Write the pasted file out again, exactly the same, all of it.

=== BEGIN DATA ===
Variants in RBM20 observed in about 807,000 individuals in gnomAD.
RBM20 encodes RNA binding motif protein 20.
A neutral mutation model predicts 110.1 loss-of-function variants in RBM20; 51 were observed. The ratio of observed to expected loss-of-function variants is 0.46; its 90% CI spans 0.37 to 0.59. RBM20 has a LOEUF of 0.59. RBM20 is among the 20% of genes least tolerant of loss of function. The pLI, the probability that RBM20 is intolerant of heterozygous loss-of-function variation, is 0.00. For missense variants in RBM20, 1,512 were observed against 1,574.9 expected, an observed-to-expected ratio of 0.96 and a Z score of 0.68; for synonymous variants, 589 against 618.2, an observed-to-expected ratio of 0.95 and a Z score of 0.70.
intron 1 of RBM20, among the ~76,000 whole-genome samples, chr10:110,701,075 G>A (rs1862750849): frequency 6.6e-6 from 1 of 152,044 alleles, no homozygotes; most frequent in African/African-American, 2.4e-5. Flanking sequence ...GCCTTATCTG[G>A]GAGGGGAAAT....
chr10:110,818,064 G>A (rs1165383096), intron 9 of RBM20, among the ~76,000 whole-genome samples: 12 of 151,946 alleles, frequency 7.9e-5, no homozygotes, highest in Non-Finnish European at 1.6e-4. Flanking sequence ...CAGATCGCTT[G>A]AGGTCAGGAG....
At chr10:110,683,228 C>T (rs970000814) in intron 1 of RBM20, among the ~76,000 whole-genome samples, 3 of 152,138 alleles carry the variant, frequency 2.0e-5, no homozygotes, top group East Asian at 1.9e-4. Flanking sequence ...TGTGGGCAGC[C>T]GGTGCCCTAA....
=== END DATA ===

Variants in RBM20 observed in about 807,000 individuals in gnomAD.
RBM20 encodes RNA binding motif protein 20.
A neutral mutation model predicts 110.1 loss-of-function variants in RBM20; 51 were observed. The ratio of observed to expected loss-of-function variants is 0.46; its 90% CI spans 0.37 to 0.59. RBM20 has a LOEUF of 0.59. RBM20 is among the 20% of genes least tolerant of loss of function. The pLI, the probability that RBM20 is intolerant of heterozygous loss-of-function variation, is 0.00. For missense variants in RBM20, 1,512 were observed against 1,574.9 expected, an observed-to-expected ratio of 0.96 and a Z score of 0.68; for synonymous variants, 589 against 618.2, an observed-to-expected ratio of 0.95 and a Z score of 0.70.
intron 1 of RBM20, among the ~76,000 whole-genome samples, chr10:110,701,075 G>A (rs1862750849): frequency 6.6e-6 from 1 of 152,044 alleles, no homozygotes; most frequent in African/African-American, 2.4e-5. Flanking sequence ...GCCTTATCTG[G>A]GAGGGGAAAT....
chr10:110,818,064 G>A (rs1165383096), intron 9 of RBM20, among the ~76,000 whole-genome samples: 12 of 151,946 alleles, frequency 7.9e-5, no homozygotes, highest in Non-Finnish European at 1.6e-4. Flanking sequence ...CAGATCGCTT[G>A]AGGTCAGGAG....
At chr10:110,683,228 C>T (rs970000814) in intron 1 of RBM20, among the ~76,000 whole-genome samples, 3 of 152,138 alleles carry the variant, frequency 2.0e-5, no homozygotes, top group East Asian at 1.9e-4. Flanking sequence ...TGTGGGCAGC[C>T]GGTGCCCTAA....